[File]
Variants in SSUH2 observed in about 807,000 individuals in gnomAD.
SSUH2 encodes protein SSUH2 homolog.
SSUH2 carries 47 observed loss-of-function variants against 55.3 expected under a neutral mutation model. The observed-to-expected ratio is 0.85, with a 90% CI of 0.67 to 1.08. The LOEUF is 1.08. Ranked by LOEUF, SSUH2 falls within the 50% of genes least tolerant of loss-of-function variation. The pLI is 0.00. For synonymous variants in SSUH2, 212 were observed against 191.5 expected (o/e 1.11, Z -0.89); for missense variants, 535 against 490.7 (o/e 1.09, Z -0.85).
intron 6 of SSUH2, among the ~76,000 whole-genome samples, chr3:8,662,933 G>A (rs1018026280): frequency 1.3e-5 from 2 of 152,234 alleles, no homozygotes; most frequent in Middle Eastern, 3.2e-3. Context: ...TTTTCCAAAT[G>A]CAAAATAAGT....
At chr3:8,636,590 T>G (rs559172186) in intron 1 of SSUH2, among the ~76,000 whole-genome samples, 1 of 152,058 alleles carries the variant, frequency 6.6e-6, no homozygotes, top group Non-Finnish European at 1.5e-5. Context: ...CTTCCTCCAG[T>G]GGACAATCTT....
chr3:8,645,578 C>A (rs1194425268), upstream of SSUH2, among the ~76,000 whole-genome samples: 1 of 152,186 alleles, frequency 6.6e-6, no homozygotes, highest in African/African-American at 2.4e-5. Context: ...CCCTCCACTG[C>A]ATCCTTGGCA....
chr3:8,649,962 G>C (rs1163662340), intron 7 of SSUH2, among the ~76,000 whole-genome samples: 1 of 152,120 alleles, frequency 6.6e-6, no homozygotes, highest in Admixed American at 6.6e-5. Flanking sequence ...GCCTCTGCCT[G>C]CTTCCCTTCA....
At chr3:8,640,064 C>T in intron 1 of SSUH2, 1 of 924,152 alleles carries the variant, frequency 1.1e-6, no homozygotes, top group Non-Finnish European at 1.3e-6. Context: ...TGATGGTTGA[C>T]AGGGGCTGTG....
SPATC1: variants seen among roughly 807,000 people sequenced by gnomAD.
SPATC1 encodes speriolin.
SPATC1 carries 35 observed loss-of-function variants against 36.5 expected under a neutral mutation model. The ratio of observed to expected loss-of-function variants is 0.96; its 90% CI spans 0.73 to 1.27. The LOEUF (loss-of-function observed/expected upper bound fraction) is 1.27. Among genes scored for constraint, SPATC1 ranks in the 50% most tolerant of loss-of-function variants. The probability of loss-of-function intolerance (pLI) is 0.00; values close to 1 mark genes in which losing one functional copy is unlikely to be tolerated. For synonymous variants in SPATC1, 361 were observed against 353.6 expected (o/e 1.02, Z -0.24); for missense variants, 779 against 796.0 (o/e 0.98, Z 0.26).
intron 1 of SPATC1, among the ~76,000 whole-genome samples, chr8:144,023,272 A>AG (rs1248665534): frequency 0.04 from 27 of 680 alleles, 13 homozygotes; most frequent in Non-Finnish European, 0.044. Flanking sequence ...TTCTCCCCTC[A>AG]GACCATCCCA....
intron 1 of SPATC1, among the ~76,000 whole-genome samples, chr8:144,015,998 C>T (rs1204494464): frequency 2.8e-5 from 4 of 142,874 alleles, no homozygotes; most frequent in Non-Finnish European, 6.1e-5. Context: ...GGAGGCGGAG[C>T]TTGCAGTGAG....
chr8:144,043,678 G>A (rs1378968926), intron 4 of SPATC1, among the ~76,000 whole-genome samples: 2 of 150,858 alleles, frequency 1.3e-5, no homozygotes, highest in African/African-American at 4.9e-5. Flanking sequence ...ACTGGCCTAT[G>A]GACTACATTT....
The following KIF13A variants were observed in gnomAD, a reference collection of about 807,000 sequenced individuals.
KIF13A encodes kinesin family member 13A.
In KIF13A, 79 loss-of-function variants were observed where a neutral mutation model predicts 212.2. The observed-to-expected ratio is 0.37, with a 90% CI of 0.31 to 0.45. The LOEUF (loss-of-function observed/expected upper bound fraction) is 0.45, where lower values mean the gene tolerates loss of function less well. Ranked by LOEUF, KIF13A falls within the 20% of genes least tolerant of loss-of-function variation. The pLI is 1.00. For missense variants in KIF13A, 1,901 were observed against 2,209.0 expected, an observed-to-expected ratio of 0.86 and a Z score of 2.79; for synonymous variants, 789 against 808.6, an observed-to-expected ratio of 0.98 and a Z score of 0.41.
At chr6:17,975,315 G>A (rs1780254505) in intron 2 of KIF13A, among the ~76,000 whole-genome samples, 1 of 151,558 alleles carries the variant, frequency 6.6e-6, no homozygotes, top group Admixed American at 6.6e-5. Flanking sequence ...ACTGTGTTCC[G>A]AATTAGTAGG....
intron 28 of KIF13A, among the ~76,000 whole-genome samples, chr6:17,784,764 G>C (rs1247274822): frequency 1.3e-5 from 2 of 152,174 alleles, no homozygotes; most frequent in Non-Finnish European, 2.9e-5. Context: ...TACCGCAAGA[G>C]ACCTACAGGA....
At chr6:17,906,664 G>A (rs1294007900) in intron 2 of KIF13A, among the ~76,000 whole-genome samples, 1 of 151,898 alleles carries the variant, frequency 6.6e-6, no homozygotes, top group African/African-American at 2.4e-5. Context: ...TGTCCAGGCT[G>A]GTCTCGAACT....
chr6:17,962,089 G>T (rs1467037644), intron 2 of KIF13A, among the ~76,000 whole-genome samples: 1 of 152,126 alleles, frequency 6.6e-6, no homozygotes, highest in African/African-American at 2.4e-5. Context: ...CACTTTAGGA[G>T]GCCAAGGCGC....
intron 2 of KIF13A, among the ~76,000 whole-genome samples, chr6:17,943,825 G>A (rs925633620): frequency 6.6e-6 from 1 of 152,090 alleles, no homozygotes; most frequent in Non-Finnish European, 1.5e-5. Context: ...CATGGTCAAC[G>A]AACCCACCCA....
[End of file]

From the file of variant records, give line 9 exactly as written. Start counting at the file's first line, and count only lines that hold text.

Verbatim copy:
SPATC1: variants seen among roughly 807,000 people sequenced by gnomAD.